Edinburgh Fringe 2010
Daniel Kitson’s latest offering is breathtakingly good. Not only because its at 1000 in the morning, but because he shows himself as the master craftsman and storyteller. A full house is utterly enthralled by this warm, humane, endearingly honest and deeply insightful writer and performer.
You will be the luckiest person in Edinburgh if you can get a ticket.
Daniel Kitson returns to Traverse 1 at the unheard of hour of ten in the morning, rather than ten at night. It is worth getting up earlier, as Kitson weaves his magic around a set of suspended lightbulbs each of which represents a moment suspended in time.
For Kitson, life is neither predetermined nor fated. Its not random, but rather a series of moments in a deluge of time which continues uninterrupted by the minutiae of our lives. Life lies in the moment, the now, but is told through memories of moments before and after each moment hanging in the air. Sounds complicated but in Kitson’s hands it isn’t.
Two main stories are told separately. They never join and only pass close by fleetingly (getting on and off the bus, of course). Kitson, moves around the stage to explore and expound his views and understanding of human existence. By his standards, Kitson is positively animated, even climbing on a stepladder and a chair to balance precariously in the moment.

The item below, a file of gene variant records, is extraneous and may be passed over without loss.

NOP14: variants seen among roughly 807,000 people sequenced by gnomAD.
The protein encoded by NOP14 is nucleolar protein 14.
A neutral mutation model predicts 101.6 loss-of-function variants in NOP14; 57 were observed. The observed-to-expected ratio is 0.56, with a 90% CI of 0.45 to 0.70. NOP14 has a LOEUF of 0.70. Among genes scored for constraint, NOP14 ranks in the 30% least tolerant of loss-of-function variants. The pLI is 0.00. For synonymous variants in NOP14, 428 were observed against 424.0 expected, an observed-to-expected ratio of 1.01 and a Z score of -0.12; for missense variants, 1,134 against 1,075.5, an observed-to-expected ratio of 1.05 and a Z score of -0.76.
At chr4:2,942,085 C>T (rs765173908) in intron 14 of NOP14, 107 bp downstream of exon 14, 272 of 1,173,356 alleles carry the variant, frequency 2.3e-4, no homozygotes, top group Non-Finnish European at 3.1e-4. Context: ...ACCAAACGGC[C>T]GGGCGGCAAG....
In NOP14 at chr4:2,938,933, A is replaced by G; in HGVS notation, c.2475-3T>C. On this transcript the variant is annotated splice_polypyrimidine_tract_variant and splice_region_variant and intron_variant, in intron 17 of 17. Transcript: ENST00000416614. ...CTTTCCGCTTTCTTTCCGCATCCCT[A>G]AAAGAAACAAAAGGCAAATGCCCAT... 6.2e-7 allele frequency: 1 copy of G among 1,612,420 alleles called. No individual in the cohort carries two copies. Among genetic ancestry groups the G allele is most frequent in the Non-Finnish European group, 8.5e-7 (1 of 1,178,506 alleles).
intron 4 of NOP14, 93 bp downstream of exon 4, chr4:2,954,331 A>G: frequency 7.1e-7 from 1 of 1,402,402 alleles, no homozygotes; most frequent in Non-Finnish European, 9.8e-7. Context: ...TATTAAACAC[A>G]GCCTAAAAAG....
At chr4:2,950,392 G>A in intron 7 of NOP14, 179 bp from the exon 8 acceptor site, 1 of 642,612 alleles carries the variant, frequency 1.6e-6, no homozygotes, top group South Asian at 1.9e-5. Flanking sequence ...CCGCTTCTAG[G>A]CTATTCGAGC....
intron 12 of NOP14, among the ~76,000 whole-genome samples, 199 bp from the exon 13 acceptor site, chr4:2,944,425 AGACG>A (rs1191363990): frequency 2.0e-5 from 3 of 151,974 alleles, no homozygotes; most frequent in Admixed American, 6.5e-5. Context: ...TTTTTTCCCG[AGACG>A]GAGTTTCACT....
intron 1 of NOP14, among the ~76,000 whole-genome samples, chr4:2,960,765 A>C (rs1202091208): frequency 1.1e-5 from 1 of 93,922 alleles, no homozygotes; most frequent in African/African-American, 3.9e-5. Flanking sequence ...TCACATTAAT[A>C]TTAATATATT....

His observations about the ordinary and the commonplace are brilliantly insightful, illuminating and investing the details of lives with a wisdom and a wit which are deeply human. He has a generosity towards the human spirit , and a capacity to put into words what we each feel that is heartfelt, insightful and breathtaking.
Kitson cares about the world and the characters he creates in it. His writing is delightful. He is a consummate wordsmith who uses the language with care, intelligence, wit and intuition. Comedic observation at its finest.
Charting the course of two separate lives, Kitson weaves his magic, entrancing and bewitching the crowded auditorium, which hangs on his every word.
The man is a genius. And it is a privilege to watch and hear that genius at work.